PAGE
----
WASHINGTON (CNN) - The CEO of a company whose employee is accused of improperly accessing the passport files of presidential candidates is a consultant to the Obama campaign, a source familiar with the firm said Saturday.
John Brennan, president of The Analysis Corporation (TAC), advises the Illinois Democrat on foreign policy and intelligence issues, the source said.
Brennan briefed the media on behalf of the campaign earlier this month. The executive is a former senior CIA official and former interim director of the National Counterterrorism Center. He contributed $2,300 to the Obama campaign in January.
When asked about the contribution, a State Department official told CNN's Zain Verjee, "We ethically awarded contacts. Political affiliation is not one of the factors that we check."
The department does not check the "personal activities of that nature of the officers of the corporation." Contracts are "competitively awarded," the official added.
On Friday, the department revealed that Obama's passport file was improperly accessed three times in 2008, and the passport files of the two other major presidential candidates - Democrat Hillary Clinton and Republican John McCain - had also been breached.
Three contractors are accused in the wrongdoings, including the one who works for TAC, who was disciplined. That contractor accessed McCain's file in addition to Obama's. None of the contractors was identified.
The other two contractors, who worked for Stanley Inc., were fired. Stanley has had contracts with the department since 1992, and was recently awarded a $570 million contract to continue providing support for passport processing. Its CEO, Philip Nolan, contributed $1,000 to the Clinton campaign.
WASHINGTON (CNN) - Two days after Barack Obama called for the administration and Congress to investigate the breach of the presidential candidates’ passport data, the Senate Judiciary Committee’s senior Republican said he agreed with the Illinois senator.
“There are federal criminal statutes involved. I think that ought to be a very intense investigation. I think privacy is a very fundamental matter,” Pennsylvania Sen. Arlen Specter told Gloria Borger on CNN’s Late Edition Sunday. "I think it ought to be something for Attorney General Mukasey, and I think that it may well be something for the Senate Judiciary Committee, where I’m the ranking member."
Democratic Sen. Ron Wyden of Oregon agreed with Specter, adding that the Government Accountability Office had been warning about this problem for a decade, and that the White House deserved a share of the blame for fostering a “a culture of disregard for privacy.”
Thursday night, the State Department confirmed that Obama’s passport file had been improperly accessed three times this year. On Friday, they revealed that the passport files of the rest of the presidential field – Sens. Hillary Clinton and John McCain – had been similarly breached.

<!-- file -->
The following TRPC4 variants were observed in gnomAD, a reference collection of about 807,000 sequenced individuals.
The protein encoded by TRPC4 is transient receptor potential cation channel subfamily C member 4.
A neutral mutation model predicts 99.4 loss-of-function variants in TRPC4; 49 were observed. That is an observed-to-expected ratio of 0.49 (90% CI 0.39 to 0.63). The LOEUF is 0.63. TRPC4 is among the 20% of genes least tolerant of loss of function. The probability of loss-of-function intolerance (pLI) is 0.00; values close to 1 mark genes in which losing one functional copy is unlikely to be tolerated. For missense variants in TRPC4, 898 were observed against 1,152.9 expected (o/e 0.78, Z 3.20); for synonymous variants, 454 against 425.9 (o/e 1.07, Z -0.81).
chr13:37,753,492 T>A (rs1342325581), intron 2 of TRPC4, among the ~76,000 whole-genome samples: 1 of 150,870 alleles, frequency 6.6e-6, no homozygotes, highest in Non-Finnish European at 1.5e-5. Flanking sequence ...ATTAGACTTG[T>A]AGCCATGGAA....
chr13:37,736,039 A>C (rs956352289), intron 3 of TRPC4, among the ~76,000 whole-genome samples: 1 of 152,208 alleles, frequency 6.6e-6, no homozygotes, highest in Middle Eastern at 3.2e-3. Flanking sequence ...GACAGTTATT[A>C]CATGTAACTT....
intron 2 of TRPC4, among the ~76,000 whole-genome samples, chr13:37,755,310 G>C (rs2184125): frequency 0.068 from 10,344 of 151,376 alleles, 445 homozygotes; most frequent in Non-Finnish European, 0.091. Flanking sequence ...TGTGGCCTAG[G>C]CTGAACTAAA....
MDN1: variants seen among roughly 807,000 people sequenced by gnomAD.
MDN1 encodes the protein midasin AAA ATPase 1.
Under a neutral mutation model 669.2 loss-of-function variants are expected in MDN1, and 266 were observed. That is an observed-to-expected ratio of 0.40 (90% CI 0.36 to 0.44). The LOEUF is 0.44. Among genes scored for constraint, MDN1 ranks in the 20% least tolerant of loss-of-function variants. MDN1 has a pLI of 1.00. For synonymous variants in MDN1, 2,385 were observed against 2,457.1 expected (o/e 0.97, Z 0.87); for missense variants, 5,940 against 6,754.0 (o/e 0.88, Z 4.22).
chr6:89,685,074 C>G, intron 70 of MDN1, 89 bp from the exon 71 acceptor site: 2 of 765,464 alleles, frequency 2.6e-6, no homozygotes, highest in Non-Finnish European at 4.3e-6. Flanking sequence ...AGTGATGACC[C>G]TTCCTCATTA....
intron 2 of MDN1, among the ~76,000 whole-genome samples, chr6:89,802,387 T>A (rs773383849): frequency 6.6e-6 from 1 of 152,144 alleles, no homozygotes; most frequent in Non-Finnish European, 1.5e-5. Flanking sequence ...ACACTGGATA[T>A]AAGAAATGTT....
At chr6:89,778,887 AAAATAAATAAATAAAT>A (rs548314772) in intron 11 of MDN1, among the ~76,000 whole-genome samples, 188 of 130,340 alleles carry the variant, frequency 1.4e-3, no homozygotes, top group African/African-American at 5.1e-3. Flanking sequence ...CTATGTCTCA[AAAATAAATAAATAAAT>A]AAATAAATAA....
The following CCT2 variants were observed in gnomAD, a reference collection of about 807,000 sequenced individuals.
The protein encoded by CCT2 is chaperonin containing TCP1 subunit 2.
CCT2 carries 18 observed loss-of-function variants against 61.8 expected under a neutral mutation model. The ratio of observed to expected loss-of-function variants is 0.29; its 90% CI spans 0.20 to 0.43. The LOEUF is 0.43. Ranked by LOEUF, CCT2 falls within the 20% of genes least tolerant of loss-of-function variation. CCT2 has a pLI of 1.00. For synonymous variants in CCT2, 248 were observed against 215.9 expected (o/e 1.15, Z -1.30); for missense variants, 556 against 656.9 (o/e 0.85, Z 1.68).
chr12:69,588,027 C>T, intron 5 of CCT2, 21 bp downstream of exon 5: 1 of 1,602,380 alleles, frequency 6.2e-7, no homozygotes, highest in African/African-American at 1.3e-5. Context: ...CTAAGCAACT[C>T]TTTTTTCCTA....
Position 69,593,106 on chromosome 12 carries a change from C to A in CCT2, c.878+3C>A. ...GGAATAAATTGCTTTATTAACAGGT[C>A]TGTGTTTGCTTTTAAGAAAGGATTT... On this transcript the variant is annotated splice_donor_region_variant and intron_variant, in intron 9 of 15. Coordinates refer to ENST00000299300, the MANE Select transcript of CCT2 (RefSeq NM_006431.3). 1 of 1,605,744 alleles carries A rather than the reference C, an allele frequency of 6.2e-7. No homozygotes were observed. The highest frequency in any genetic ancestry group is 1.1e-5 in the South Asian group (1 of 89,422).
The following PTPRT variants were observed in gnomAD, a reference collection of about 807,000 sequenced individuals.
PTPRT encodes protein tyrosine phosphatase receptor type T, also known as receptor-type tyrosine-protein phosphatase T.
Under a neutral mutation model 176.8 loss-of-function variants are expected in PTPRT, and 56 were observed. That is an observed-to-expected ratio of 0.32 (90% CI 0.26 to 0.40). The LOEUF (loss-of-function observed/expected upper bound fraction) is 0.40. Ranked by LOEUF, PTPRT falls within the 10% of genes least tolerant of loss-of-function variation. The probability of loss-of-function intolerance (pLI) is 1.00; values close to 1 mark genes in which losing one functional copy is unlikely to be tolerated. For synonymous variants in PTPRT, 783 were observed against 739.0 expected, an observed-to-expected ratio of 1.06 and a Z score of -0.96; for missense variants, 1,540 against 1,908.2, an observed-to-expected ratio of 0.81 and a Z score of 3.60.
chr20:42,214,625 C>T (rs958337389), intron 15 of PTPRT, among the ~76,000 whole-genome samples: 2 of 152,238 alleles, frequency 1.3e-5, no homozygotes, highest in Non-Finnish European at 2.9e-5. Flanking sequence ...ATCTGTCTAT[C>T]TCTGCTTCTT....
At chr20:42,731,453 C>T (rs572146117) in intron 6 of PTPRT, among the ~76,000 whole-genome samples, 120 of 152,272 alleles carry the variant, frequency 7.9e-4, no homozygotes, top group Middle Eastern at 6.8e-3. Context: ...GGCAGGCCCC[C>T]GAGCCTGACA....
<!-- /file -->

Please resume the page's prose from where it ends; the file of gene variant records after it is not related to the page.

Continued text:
Secretary of State Condoleezza Rice on Friday publicly apologized for the actions of the three contract employees, and said the State Department inspector general would investigate the matter. State Department officials also briefed Senate staffers for the three candidates and for Senate Foreign Relations Committee chairman Joseph Biden of Delaware.
–CNN's Jessica Rummel
(CNN) - The revelation of controversial comments made by the longtime pastor of Sen. Barack Obama, and the equally hot aftermath from the general public that led to the junior senator from Illinois delivering a strong speech/sermon on race in America, has opened anew the explosive connection between three of the most volatile issues today.
If a poll were taken, there is no doubt that race, faith and politics would be the most emotional, passionate and divisive topics. Why? Because all three are so deeply personal. What one person sees as a negative, another would determine as a strength.
Republicans strongly believe that they are superior and right on the direction of the nation compared to Democrats. African Americans are protective of their culture and ways of living, while whites routinely ask why we can't just be one nation with no labels. Catholics contend they are the one and only true church, while Baptists will say that being dipped in the water after making a personal decision to give your life to Christ is the true way of salvation for the believer.
As a Christian, I've seen church members go toe-to-toe when discussing either one of these issues, and can remember some late night debates in college that would have made the toes of Lincoln and Douglas curl.
So why did the comments of the Rev. Jeremiah Wright strike such a core, and how did it lead to Obama to give a speech on race? That was the question posed to me in a number of e-mails, and like Obama stated in his speech, it's really America's lack of understanding - no, refusal to accept - how the different races live and act.
–CNN Contributor Roland Martin